Friday, April 19, 2013

Vintage Richmond Signage

A selection of photographs depicting some vintage advertising material and other signage dotted around the suburb of Richmond.

Vintage Boags Beer metal sign, hanging outside The Aviary on Victoria Street.

At 103 Hoddle Street, this aging reminder of the time when Greater Union not only ran a mediocre cinema in the city, but also rented disco equipment. Great days indeed.

Of a similar vintage, is this ad for Golden West Pinball, located on the eastern wall of Salvation Army store on Victoria Street. Note the six digit phone number.

Uncovered by recent demolition work along Victoria Street (which proved something of an obstacle for the photographer)  is this simple ad attached to the southern wall of the Terminus Hotel, so old it dates from a time when Fosters Lager was a serious drinking option for local punters.

Book-ending the building at the corner of Bridge Road and Church Street are these signs for Alexanders; a long defunct clothing store. The building itself is one of the oldest in the area. 

Corner of Bridge and Church in 1854

The same corner today

It was built in 1854 and was first tenanted by Commercial House, a general provisions supplier. Today the building is occupied by a discount clothing store on the ground floor, with a bar above.

A simple ad from Bridge Road hints at a less sophisticated era in advertising; 'A good ad just gives them the product type, the location and the six digit phone number!'

Tucked away on Bond Street, immediately adjacent to the rear of the Carlton Breweries, is this remarkable bluestone building. Built in 1863 as a Common School, effectively a private school subsidised by the State Government, this building was taken over by the state outright when compulsory schooling was mandated in 1872.

An article remembering 'Common Schools' from The Argus in 1940.
The Bond Street building is noted on the left, third from the top.

But the school only survived until 1877, when the building was sold for commercial purposes. It was first used as a tannery, and then in 1901 converted to a Cocoa Mill. By the 1970s, the mill was gone but the building had fallen into a state of disrepair.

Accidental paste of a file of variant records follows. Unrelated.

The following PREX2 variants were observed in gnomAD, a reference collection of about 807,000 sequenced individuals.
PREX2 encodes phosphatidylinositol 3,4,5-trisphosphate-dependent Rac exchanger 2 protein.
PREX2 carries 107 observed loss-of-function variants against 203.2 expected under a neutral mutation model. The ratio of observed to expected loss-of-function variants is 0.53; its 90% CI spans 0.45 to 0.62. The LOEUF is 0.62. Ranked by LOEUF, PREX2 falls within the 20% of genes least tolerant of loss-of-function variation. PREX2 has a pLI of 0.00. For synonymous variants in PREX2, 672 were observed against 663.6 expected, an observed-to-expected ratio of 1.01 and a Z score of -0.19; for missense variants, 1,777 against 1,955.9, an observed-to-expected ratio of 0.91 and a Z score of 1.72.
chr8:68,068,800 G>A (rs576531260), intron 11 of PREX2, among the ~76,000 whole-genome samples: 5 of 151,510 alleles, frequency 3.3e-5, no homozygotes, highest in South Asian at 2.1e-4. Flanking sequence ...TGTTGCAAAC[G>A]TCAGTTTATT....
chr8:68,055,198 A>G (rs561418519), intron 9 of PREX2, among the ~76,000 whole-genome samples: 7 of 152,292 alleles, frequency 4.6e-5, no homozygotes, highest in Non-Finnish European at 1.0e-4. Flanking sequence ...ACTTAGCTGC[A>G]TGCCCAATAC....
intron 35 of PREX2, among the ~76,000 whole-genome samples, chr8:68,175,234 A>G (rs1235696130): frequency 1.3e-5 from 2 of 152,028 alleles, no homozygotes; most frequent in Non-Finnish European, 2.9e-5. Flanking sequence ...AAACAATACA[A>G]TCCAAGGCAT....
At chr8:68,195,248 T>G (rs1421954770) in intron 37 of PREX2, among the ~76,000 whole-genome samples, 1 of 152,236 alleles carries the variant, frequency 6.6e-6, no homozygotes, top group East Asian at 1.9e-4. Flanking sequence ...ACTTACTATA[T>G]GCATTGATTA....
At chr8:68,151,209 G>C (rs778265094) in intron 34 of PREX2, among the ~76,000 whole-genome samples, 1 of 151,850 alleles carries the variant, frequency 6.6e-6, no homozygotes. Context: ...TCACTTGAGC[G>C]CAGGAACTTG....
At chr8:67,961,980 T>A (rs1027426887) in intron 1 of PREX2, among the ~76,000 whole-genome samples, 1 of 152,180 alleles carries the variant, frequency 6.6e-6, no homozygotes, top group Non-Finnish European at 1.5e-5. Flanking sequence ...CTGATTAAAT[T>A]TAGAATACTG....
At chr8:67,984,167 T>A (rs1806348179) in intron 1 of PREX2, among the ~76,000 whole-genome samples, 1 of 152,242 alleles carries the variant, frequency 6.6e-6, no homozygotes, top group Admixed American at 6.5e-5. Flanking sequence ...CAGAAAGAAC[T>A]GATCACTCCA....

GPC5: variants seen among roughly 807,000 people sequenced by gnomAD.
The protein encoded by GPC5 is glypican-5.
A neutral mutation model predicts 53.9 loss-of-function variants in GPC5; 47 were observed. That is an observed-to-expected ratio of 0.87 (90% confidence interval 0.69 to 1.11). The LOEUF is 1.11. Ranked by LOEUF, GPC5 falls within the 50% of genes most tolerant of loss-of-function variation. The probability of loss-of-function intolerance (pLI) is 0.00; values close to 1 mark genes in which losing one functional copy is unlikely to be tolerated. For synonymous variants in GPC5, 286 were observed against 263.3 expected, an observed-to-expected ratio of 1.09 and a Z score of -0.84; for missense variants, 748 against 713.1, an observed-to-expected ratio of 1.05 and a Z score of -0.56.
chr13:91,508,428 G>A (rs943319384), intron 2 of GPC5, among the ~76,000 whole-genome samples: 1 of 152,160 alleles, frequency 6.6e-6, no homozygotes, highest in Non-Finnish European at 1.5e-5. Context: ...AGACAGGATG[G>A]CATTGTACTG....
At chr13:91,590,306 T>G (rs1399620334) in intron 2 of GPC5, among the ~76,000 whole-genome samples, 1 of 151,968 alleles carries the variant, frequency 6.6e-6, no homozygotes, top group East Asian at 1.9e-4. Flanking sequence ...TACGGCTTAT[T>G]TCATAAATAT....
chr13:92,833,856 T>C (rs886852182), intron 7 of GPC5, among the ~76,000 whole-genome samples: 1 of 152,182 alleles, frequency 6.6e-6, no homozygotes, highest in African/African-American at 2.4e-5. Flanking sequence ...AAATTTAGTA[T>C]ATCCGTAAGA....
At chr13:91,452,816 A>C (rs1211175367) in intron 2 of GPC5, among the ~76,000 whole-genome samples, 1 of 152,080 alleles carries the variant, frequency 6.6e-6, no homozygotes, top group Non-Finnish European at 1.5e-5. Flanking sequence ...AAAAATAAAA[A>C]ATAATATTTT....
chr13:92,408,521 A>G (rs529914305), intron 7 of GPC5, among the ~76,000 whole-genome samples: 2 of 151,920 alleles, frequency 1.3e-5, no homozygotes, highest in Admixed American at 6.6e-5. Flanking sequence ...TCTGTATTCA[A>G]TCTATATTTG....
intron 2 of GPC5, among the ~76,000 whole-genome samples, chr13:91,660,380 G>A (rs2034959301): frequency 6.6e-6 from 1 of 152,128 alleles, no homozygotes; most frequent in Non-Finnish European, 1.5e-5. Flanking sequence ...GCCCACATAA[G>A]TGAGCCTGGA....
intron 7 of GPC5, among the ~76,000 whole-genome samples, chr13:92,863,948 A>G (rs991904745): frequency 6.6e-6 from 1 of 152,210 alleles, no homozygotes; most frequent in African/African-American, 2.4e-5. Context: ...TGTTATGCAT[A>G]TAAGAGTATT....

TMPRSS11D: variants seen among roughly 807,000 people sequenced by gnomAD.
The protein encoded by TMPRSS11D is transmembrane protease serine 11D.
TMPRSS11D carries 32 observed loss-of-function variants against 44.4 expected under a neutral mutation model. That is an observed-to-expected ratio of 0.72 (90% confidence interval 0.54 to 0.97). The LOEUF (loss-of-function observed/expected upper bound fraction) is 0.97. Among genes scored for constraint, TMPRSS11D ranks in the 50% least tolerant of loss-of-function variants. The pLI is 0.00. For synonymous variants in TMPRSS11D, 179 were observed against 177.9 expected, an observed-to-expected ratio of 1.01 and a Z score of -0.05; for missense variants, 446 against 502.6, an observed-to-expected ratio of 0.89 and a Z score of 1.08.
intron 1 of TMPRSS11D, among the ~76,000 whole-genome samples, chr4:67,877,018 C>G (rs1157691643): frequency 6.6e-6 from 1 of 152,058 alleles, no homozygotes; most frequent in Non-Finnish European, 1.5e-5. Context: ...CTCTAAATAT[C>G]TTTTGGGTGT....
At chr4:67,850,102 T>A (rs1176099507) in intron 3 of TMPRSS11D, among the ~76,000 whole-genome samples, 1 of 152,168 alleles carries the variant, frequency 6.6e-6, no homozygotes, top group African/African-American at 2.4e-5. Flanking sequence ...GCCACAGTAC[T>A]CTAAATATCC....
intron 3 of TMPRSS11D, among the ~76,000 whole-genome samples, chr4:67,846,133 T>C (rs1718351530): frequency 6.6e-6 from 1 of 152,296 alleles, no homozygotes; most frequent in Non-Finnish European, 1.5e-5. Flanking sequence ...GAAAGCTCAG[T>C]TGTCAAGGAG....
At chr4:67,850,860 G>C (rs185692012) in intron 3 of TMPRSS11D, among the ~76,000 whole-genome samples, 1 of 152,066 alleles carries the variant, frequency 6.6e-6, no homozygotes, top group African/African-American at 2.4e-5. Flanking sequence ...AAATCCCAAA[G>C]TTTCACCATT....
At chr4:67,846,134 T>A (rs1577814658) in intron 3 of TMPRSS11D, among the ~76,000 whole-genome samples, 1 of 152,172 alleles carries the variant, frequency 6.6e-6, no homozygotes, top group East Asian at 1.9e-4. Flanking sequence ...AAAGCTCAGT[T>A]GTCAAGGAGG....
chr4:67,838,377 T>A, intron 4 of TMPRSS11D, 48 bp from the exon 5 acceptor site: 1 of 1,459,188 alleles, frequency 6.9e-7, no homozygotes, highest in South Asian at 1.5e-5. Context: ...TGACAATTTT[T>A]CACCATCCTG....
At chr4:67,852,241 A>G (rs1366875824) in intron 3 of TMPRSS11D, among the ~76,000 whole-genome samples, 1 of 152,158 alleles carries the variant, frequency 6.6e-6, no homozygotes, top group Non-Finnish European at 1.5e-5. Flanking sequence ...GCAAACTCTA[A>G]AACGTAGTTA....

The building in 1971.
Considerably restored, it is now used for private offices.

Standing atop the building located at 21 - 31 Goodwood Street is one of Melbourne's most famous vintage signs; the heritage listed neon ad for Pelaco clothing. The sign was erected in 1939 on what was the roof of Pelaco's Melbourne factory. 

The Melbourne Pelcao factory floor, 1951.

At one time Australia's largest local clothing manufacturer, Pelaco was also well known for a series of ads featuring a recurring Indigenous character, dubbed 'King Billy' or 'Pelaco Bill.' 

The unadulterated racism in these ads certainly makes for uncomfortable viewing today, which hopefully reflects some progress being made. A more detailed and erudite dissection of racist portrayals in Australian mass media can be found on this site.

Of course, Richmond's most famous vintage sign is Little Audrey, still atop a converted factory on Victoria Street. Little Audrey's story is covered in detail here.

Wednesday, April 17, 2013

The Paris End of Melbourne

So why is the Eastern end of the Melbourne, particularly Collins Street, referred to as 'The Paris End'? It's a great nickname, and one you hear a lot, yet you have to wonder where it came from.

What is especially Parisian about this part of the city? It's architecture and general design aren't particularly reminiscent of the City of Light, and Paris' famous arts and cultural trappings aren't mirrored here either, as they are in some other parts of Melbourne. Nor is there any direct link between the two cities; they aren't sisters and no famous French exiles came and settled here.

In fact, the answer is to be found in the lifespan of a hotel that used to stand at the top of Collins Street, and a lengthy debate that revolved around the footpath in front of it.

The southern block of Collins Street between Exhibition and Spring, where the gargantuan Collins Place now stands, was home to a hotel for most of Melbourne's first hundred years. The first of them, The Bedford, was built in 1854 and offered a standard saloon and basic accommodation.

This was replaced by the more elaborate Oriental Hotel, which was erected in 1878 and became a favourite of Victoria's landed gentry. During the boom of the 1880's, the Oriental was figured to be one of Melbourne's finest establishments, particularly well known for the quality of its food and drink.